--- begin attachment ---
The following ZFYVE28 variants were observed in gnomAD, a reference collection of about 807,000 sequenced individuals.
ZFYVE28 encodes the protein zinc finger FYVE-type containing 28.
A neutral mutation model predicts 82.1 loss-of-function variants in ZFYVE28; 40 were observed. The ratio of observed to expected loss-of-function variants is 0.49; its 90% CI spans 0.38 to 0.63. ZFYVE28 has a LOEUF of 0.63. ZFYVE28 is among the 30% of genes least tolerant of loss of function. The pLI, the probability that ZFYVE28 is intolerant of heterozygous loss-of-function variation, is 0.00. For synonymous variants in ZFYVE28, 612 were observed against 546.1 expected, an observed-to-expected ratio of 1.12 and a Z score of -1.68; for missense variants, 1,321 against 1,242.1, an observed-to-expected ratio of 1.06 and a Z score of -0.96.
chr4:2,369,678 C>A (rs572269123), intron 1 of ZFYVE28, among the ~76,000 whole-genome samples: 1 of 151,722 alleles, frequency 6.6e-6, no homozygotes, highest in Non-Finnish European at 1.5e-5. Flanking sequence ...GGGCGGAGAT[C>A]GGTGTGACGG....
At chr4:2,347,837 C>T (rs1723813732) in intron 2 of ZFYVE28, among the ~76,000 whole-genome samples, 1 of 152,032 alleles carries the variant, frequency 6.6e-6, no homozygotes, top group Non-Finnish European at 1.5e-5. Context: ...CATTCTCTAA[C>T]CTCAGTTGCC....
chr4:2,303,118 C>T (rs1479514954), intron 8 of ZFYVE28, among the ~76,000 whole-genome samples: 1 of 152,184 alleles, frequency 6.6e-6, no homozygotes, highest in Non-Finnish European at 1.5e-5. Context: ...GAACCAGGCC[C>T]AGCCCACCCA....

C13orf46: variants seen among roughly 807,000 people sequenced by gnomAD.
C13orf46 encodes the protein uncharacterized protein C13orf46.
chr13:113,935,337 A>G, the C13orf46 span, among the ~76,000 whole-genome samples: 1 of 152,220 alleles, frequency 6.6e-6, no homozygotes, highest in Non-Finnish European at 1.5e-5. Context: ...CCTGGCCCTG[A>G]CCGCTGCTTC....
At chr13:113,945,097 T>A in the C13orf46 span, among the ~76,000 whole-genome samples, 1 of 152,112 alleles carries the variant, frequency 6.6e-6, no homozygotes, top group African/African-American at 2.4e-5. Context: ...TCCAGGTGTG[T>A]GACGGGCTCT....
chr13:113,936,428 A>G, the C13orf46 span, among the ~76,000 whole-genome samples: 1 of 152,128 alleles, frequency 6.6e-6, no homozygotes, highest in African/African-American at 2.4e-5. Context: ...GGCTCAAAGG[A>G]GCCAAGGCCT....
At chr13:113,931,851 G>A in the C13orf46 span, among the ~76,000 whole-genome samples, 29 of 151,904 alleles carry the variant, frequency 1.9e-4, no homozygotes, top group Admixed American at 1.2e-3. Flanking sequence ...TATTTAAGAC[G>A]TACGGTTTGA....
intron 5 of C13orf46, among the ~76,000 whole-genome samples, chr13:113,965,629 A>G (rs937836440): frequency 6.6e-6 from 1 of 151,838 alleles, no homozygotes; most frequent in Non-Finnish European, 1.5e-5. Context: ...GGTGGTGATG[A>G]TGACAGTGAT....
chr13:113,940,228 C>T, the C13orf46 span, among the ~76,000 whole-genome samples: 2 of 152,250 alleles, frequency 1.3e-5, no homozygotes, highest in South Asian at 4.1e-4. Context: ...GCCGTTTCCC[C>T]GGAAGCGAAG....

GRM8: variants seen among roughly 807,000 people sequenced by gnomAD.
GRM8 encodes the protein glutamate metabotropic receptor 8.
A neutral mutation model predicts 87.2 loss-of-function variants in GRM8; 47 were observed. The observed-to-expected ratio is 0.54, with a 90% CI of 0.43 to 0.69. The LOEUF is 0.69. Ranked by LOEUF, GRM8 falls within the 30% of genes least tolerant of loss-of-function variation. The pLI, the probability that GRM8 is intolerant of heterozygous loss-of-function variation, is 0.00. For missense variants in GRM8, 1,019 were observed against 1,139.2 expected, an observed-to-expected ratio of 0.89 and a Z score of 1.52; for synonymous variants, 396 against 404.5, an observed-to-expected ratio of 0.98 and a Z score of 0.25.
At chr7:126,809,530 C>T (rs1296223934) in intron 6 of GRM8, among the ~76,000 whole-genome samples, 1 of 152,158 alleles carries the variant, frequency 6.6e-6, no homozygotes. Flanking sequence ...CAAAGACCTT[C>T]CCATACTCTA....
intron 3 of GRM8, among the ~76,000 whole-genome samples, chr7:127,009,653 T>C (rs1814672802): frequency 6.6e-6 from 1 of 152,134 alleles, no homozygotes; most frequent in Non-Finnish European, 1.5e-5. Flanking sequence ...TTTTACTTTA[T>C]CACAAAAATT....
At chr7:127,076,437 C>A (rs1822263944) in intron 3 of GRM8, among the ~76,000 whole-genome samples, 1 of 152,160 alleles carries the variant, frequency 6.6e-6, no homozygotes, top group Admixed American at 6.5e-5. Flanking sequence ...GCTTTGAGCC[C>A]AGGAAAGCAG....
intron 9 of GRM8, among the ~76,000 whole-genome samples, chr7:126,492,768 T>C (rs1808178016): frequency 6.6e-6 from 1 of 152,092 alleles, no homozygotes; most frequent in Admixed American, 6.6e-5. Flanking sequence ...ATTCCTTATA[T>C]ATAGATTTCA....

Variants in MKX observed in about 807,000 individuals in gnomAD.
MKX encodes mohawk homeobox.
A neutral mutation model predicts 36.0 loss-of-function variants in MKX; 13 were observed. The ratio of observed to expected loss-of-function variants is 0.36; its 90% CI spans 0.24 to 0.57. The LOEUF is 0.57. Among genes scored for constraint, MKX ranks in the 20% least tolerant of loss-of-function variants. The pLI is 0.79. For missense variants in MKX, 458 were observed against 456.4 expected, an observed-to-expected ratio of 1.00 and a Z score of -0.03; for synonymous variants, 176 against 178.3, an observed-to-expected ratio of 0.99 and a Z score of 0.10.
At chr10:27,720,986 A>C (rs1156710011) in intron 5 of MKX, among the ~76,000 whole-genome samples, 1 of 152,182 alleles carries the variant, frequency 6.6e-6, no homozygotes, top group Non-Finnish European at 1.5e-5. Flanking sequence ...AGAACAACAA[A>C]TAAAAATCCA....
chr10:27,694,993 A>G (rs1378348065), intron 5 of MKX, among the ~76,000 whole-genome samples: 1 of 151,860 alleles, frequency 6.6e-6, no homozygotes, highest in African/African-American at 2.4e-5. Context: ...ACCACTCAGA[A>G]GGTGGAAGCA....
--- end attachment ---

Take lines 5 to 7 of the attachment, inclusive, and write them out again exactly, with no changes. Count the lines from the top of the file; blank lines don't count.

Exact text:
At chr4:2,347,837 C>T (rs1723813732) in intron 2 of ZFYVE28, among the ~76,000 whole-genome samples, 1 of 152,032 alleles carries the variant, frequency 6.6e-6, no homozygotes, top group Non-Finnish European at 1.5e-5. Context: ...CATTCTCTAA[C>T]CTCAGTTGCC....
chr4:2,303,118 C>T (rs1479514954), intron 8 of ZFYVE28, among the ~76,000 whole-genome samples: 1 of 152,184 alleles, frequency 6.6e-6, no homozygotes, highest in Non-Finnish European at 1.5e-5. Context: ...GAACCAGGCC[C>T]AGCCCACCCA....

C13orf46: variants seen among roughly 807,000 people sequenced by gnomAD.